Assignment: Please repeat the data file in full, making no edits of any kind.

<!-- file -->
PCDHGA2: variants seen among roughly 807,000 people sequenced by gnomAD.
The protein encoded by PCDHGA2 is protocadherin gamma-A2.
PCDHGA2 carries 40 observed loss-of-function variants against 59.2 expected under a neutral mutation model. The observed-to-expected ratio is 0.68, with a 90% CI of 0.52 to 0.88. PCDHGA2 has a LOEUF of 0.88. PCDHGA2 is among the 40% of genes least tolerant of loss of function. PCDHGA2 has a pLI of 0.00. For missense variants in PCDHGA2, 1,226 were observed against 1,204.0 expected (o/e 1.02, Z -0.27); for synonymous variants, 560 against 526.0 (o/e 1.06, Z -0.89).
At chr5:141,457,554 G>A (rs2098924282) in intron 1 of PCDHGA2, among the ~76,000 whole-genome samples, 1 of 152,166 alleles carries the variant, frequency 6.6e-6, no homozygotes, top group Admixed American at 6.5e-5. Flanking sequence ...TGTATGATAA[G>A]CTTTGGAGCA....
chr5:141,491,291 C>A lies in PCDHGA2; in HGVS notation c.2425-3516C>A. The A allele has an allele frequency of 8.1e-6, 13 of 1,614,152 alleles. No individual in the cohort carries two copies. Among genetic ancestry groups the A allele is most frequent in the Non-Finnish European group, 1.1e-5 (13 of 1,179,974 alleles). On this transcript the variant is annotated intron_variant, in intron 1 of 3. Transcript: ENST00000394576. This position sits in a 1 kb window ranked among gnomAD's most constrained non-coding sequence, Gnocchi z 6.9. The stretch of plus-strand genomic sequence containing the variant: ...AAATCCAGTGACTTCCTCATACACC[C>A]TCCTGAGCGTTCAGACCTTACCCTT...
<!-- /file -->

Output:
PCDHGA2: variants seen among roughly 807,000 people sequenced by gnomAD.
The protein encoded by PCDHGA2 is protocadherin gamma-A2.
PCDHGA2 carries 40 observed loss-of-function variants against 59.2 expected under a neutral mutation model. The observed-to-expected ratio is 0.68, with a 90% CI of 0.52 to 0.88. PCDHGA2 has a LOEUF of 0.88. PCDHGA2 is among the 40% of genes least tolerant of loss of function. PCDHGA2 has a pLI of 0.00. For missense variants in PCDHGA2, 1,226 were observed against 1,204.0 expected (o/e 1.02, Z -0.27); for synonymous variants, 560 against 526.0 (o/e 1.06, Z -0.89).
At chr5:141,457,554 G>A (rs2098924282) in intron 1 of PCDHGA2, among the ~76,000 whole-genome samples, 1 of 152,166 alleles carries the variant, frequency 6.6e-6, no homozygotes, top group Admixed American at 6.5e-5. Flanking sequence ...TGTATGATAA[G>A]CTTTGGAGCA....
chr5:141,491,291 C>A lies in PCDHGA2; in HGVS notation c.2425-3516C>A. The A allele has an allele frequency of 8.1e-6, 13 of 1,614,152 alleles. No individual in the cohort carries two copies. Among genetic ancestry groups the A allele is most frequent in the Non-Finnish European group, 1.1e-5 (13 of 1,179,974 alleles). On this transcript the variant is annotated intron_variant, in intron 1 of 3. Transcript: ENST00000394576. This position sits in a 1 kb window ranked among gnomAD's most constrained non-coding sequence, Gnocchi z 6.9. The stretch of plus-strand genomic sequence containing the variant: ...AAATCCAGTGACTTCCTCATACACC[C>A]TCCTGAGCGTTCAGACCTTACCCTT...